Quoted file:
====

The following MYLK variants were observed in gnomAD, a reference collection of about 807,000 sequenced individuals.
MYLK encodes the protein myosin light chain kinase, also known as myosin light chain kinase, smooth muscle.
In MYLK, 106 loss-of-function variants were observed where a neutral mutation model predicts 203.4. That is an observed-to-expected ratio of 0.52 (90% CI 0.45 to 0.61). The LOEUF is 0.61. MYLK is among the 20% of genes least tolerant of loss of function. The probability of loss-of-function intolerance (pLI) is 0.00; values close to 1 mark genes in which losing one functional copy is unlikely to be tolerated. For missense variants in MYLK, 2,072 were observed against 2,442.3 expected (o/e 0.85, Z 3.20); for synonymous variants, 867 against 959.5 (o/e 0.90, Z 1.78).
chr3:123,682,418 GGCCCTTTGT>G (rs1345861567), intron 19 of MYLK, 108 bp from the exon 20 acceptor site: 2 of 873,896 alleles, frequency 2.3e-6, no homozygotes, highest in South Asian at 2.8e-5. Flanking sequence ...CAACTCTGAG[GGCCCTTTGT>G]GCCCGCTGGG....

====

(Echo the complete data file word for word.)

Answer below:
The following MYLK variants were observed in gnomAD, a reference collection of about 807,000 sequenced individuals.
MYLK encodes the protein myosin light chain kinase, also known as myosin light chain kinase, smooth muscle.
In MYLK, 106 loss-of-function variants were observed where a neutral mutation model predicts 203.4. That is an observed-to-expected ratio of 0.52 (90% CI 0.45 to 0.61). The LOEUF is 0.61. MYLK is among the 20% of genes least tolerant of loss of function. The probability of loss-of-function intolerance (pLI) is 0.00; values close to 1 mark genes in which losing one functional copy is unlikely to be tolerated. For missense variants in MYLK, 2,072 were observed against 2,442.3 expected (o/e 0.85, Z 3.20); for synonymous variants, 867 against 959.5 (o/e 0.90, Z 1.78).
chr3:123,682,418 GGCCCTTTGT>G (rs1345861567), intron 19 of MYLK, 108 bp from the exon 20 acceptor site: 2 of 873,896 alleles, frequency 2.3e-6, no homozygotes, highest in South Asian at 2.8e-5. Flanking sequence ...CAACTCTGAG[GGCCCTTTGT>G]GCCCGCTGGG....